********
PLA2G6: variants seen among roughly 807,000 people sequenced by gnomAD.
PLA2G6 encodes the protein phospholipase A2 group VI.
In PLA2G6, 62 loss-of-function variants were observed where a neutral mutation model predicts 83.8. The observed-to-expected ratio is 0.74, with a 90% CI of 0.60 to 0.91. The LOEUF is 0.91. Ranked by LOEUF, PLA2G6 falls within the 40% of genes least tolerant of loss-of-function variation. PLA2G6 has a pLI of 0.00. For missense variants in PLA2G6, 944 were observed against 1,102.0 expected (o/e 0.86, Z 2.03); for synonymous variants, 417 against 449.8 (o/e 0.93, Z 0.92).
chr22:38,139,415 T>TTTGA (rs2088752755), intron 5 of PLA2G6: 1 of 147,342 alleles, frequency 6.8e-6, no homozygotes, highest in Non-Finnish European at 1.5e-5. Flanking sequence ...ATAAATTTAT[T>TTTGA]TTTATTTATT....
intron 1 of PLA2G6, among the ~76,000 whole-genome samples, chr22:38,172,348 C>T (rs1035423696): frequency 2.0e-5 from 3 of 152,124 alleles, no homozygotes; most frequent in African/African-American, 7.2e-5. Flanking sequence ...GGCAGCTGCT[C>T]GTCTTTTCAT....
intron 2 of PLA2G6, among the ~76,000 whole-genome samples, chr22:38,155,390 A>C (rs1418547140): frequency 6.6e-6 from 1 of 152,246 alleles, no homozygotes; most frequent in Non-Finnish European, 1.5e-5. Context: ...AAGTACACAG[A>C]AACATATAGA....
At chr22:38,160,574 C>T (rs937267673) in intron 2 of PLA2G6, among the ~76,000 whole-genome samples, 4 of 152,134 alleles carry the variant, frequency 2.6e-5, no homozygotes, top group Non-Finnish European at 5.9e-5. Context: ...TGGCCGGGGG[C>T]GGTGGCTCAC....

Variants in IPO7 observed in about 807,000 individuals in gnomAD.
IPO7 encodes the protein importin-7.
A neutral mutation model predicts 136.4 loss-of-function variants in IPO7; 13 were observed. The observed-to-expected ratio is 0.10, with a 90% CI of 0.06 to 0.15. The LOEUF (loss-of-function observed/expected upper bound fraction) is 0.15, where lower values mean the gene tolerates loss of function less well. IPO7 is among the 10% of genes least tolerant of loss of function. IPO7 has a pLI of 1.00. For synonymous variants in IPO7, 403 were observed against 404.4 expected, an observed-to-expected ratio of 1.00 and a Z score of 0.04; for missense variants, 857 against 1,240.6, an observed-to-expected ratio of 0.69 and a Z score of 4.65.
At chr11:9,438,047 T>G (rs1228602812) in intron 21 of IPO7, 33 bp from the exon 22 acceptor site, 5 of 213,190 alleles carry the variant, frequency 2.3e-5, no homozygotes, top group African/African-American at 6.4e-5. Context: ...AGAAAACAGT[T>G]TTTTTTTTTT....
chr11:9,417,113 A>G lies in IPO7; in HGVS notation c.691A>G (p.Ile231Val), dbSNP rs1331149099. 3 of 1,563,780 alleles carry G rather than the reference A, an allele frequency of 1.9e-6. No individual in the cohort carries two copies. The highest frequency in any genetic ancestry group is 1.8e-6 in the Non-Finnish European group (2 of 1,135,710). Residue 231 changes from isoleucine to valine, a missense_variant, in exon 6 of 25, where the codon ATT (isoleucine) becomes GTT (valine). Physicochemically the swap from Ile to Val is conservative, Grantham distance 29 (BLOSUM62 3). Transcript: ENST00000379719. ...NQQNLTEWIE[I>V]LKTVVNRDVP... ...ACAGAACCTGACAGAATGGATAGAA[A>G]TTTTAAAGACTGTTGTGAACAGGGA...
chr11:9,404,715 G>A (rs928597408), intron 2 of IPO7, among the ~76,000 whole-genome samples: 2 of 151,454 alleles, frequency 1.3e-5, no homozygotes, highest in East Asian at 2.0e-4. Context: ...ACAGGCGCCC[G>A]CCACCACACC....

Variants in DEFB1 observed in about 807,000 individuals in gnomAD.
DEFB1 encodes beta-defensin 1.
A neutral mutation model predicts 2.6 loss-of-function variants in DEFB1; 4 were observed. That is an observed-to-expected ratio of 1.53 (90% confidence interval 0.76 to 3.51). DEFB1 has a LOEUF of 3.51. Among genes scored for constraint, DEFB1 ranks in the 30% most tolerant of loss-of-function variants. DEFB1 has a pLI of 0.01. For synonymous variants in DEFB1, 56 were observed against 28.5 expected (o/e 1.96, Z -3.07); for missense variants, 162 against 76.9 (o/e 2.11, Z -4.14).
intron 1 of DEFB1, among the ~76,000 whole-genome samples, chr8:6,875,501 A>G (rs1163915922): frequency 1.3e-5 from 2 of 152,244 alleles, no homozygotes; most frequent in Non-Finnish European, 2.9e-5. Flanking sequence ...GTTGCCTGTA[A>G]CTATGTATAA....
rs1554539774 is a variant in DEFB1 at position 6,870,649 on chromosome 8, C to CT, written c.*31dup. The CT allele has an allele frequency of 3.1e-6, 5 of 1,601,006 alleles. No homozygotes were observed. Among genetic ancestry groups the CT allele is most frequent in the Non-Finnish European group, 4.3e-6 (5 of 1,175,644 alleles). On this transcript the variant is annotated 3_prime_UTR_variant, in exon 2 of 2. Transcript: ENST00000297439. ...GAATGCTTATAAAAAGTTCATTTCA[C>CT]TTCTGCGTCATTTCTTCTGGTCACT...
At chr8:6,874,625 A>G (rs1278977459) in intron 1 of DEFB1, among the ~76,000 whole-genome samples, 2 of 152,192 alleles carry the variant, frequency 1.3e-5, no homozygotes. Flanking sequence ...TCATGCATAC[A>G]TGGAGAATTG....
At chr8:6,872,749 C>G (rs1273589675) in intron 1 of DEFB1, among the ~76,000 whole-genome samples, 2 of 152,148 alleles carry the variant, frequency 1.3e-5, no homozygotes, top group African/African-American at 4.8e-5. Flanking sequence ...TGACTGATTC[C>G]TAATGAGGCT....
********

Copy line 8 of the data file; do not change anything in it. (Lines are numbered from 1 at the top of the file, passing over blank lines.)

Variants in IPO7 observed in about 807,000 individuals in gnomAD.